Men's Northern Traditional

image description Photo Credit: Indhslf72

The Northern Traditional dance evokes the style of Plains Indians, their hunting parties and warriors, their Traditional outfits, and their bravery and courage as peoples of America who lived off the land long before settlers came and disrupted their ways of life. The traditional style we see today in powwows originated from the Sioux in South Dakota. Dancers carry a long coup stick, and/or fan, and wear a feather bustle.

There are two dances that a men’s traditional dancer should know. One is a sneak-up song. In this step, the dancer kneels to the ground and scouts for enemies’ tracks. In some traditions, the dancer keeps his bells quiet, but in modern dancing, the bells are often shaken. In the second part of the song, the dancer rises quickly. This symbolizes confrontation with the enemy. In sneakup songs, dancers never dance backward, as this would stand for retreat.

Northern Traditional dancers also dance the crow hop. This is a different step from the crow hop women dance. In the crow hop, dancers dip down and then rise up, often swaying their heads from side to side over unmoving shoulders. During the honor, or hard beats of the song, Northern Traditional dancers raise their fans or coup sticks to catch the drum’s spirit and honor the drum.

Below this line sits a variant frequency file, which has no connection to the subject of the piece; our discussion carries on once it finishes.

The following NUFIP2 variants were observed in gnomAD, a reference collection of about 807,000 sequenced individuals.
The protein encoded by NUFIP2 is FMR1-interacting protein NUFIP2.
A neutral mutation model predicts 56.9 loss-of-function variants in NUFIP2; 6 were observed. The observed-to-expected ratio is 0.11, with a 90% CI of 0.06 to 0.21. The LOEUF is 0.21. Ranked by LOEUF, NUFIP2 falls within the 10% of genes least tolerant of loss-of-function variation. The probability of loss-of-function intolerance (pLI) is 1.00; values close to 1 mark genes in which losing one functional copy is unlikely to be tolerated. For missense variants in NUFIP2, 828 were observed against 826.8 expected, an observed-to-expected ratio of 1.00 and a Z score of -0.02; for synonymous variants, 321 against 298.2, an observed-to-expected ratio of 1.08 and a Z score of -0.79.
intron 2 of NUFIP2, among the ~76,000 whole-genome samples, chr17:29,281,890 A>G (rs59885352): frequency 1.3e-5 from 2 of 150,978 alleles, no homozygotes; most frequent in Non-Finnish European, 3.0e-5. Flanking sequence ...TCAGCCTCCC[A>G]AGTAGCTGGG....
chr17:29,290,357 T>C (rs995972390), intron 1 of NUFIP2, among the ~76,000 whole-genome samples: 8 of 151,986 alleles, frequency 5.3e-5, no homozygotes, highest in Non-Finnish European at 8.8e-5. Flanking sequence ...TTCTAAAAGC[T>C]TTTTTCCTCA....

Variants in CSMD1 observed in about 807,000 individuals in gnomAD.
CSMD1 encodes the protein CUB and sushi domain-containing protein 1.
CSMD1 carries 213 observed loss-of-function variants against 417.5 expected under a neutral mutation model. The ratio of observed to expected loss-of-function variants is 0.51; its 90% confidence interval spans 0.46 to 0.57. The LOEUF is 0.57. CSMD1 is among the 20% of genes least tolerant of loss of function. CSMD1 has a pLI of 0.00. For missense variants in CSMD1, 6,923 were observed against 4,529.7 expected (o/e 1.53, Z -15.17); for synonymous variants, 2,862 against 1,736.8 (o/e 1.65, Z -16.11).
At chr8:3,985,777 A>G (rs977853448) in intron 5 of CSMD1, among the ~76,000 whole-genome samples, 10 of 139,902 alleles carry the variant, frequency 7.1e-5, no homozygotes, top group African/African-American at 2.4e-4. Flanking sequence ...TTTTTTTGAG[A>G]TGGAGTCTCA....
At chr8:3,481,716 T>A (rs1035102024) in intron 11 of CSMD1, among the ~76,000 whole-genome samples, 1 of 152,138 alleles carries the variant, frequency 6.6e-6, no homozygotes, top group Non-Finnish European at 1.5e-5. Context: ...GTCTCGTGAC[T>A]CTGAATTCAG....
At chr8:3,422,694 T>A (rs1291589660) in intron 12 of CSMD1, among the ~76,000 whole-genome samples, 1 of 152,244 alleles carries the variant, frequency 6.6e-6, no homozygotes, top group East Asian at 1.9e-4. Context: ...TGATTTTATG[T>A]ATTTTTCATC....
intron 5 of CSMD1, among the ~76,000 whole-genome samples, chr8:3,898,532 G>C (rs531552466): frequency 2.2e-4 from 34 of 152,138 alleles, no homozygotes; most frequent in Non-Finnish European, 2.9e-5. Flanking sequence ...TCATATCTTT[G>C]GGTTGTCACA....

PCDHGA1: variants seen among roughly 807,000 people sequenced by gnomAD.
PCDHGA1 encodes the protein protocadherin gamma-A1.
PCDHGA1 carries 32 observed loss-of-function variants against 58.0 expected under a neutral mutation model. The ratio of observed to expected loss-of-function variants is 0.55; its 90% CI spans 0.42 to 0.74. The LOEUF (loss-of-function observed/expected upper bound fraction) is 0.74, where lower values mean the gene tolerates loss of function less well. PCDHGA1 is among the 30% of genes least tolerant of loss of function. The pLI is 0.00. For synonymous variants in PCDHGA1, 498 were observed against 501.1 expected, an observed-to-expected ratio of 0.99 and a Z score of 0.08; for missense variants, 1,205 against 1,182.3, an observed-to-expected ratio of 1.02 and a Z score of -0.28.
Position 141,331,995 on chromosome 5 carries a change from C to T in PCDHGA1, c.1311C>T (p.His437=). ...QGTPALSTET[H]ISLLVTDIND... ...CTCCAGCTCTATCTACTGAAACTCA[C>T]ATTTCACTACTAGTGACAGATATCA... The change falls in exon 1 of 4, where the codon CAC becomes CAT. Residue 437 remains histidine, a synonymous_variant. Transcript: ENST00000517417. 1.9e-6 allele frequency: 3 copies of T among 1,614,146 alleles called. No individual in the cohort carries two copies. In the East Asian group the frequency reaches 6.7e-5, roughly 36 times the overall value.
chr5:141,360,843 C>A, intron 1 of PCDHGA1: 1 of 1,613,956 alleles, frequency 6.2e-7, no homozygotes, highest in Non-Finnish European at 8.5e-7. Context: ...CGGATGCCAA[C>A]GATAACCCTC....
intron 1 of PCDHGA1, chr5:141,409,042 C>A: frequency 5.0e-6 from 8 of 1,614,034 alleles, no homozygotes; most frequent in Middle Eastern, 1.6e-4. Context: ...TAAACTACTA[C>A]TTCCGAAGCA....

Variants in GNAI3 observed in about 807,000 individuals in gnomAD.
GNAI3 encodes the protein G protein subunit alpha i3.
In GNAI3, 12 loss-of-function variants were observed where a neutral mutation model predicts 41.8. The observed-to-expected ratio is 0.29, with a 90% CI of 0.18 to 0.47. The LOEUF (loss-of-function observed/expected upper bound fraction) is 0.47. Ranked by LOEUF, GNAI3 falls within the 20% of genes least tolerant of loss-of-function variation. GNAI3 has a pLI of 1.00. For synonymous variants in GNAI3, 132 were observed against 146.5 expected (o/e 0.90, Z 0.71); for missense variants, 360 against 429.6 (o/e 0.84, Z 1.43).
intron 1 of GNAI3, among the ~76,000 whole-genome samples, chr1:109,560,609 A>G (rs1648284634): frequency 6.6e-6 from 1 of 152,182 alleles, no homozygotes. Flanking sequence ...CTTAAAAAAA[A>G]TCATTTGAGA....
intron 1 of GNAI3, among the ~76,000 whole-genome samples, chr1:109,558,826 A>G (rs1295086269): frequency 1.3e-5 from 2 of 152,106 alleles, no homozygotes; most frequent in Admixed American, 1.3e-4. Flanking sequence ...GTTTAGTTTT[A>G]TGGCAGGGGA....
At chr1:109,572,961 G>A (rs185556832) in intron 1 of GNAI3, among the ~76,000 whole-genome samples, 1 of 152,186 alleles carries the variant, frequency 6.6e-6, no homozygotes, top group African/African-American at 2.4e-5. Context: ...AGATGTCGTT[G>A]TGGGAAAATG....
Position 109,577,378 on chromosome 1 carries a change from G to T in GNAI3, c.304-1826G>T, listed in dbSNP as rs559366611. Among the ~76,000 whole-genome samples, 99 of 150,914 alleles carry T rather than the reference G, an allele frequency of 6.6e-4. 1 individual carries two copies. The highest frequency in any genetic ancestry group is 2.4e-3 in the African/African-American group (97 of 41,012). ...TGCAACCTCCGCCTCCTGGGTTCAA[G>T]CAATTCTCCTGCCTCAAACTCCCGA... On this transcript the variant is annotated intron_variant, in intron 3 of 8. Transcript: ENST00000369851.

The Northern Traditional dance is exhilarating to behold for its enactment of ancient war parties. The regalia is handsome and honoring, and the dancers wear looks of pride on their faces, assured that their war party will come home victorious.

Special Thanks:
Misty Lynn Ellingburg (Shoalwater Bay) is a student at Seattle Pacific University, majoring in English (concentration Literature) and minoring in Professional Writing. She has two brothers and two sisters--Brandt, Shana, Hope, and Hunter. Her mom, Lory, is a Tribal artist, and her dad, Todd, is becoming fluent in Salish, a local Tribal language. Her favorite Native writers are Leslie Marmon Silko, Louise Erdrich, and Sherman Alexie. She even met Mr. Alexie in Seattle at a book reading where she got his autograph and a picture taken together.


Dear Auntie, My family are decendants of the indigenous population in Oaxaca, Mexico. My teacher said I am considered native american? Is this true?